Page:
Consent by Thong

consent

I literally wear this style of underwear everyday. When I’m going to work. When I’m unwell. When I’m on my period. When I’m feeling as unsexy as ever. When I’m going out. When I’m drunk. Does that mean – wherever I am – whatever the circumstance – if I’m raped, it’s my fault? Was I “asking for it” for routinely putting on a certain style of underwear? Or if I happened to pick these over another style on that day. Would it be a different story if I’d but on my Bridget Jones’s? If yes, I was feeling sexy, up for it, but not with him, not there, not right then, not when I said no, is it still my fault?

It’s terrifying that blame culture endures so far that a 17 year olds choice of underwear is deemed relevant in a rape trial, as a crucial point of ‘evidence.’ In scrutinising her underwear in this way, more agency is given to the inanimate object than to the victim herself, she is shamed for her choice, ridiculed, humiliated and ignored. In this courtroom, a slither of lace does all the talking for her, despite her protestations.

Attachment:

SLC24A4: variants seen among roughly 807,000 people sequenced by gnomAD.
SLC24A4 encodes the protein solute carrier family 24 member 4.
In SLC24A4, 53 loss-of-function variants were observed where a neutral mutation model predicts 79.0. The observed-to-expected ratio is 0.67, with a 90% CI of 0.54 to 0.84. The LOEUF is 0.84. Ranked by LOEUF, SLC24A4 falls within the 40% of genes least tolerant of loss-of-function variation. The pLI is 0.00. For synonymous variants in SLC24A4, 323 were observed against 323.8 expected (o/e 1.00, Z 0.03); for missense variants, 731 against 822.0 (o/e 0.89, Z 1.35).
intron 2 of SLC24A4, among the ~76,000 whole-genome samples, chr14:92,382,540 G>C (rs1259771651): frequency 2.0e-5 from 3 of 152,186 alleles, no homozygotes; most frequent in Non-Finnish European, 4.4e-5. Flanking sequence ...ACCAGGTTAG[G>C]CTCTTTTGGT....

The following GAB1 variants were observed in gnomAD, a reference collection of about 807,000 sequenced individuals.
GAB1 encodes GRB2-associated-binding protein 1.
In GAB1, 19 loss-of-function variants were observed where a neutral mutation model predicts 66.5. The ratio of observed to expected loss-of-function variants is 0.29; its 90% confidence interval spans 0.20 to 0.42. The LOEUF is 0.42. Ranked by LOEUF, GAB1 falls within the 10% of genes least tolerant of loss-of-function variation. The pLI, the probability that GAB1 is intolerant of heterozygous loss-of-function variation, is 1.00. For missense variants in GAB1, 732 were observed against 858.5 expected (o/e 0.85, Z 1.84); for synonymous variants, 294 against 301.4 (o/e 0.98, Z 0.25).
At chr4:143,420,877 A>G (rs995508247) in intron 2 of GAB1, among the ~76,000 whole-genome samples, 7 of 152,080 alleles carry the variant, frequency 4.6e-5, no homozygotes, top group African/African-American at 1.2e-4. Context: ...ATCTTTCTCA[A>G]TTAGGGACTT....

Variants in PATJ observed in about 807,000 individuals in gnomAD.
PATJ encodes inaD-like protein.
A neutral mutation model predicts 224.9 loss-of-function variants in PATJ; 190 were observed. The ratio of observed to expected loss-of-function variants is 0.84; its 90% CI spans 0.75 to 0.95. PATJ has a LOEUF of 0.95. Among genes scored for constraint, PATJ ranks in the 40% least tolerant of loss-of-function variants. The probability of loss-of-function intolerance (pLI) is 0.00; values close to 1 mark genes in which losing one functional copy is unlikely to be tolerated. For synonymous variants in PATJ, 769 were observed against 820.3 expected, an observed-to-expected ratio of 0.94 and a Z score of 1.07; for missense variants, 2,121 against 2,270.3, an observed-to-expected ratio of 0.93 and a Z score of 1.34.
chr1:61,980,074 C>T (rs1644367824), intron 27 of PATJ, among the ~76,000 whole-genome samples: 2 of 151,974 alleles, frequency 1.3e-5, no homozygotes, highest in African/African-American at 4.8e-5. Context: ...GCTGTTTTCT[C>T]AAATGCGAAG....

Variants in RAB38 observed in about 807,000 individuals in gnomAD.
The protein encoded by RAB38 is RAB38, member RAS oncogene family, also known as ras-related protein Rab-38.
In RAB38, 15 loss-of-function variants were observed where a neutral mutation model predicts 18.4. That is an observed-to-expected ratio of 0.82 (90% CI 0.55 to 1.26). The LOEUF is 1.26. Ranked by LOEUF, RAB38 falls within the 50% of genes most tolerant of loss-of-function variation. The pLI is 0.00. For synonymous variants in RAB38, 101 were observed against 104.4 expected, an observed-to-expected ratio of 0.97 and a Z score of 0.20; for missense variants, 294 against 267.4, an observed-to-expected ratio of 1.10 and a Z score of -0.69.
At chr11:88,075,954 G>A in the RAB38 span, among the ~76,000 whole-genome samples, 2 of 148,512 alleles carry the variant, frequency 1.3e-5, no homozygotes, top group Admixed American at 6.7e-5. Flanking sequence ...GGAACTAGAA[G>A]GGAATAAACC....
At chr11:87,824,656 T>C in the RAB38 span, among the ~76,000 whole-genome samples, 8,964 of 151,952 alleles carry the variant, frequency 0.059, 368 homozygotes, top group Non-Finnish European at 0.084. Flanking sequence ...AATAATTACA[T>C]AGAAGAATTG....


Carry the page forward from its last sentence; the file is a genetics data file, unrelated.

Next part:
Is it surprising that sexual assault, and rape in particular, is so under reported? In Northern Ireland the conviction rate is less than 2% with any tactics being employed in the courtroom to ensure that the rapist is acquitted. In a number of cases this includes scrutiny of the victims clothing. Was her dress short? Was her top low cut? What underwear was she wearing? What is her sexual history? Has she had one-night stands before? Anything to demonstrate, that yes she was up for it, she was asking for it, she’s a slut and a liar; anything to deny that men use sex as a weapon of power against women.

The objectification of women that has prevailed previously, and the patriarchal ideology that propagated the idea that women exist for men, has been replaced with a theory which continues to reify the superiority of men. Women who have been raped are painted as promiscuous, slutty and attention-seeking. Why didn’t she shout? Why didn’t she scream? Why didn’t she resist? She must’ve liked it. She must have wanted it. Because the idea that a man is undesirable is unfathomable. The concept that she rebutted a man’s advances and told him no is impossible. Who could reject a man?

This thinly veiled consideration of ‘consent’ is nothing of the sort. In such cases, anything is employed to distract from the actual exchange of consent, you know, when she actually tells this rapist to fuck off, that no, she is not interested, she does not want to have sex with him. But no, we deliberate on her thong, her skirt, her top, her sexual history and ignore the most important facts of the case – she said no.

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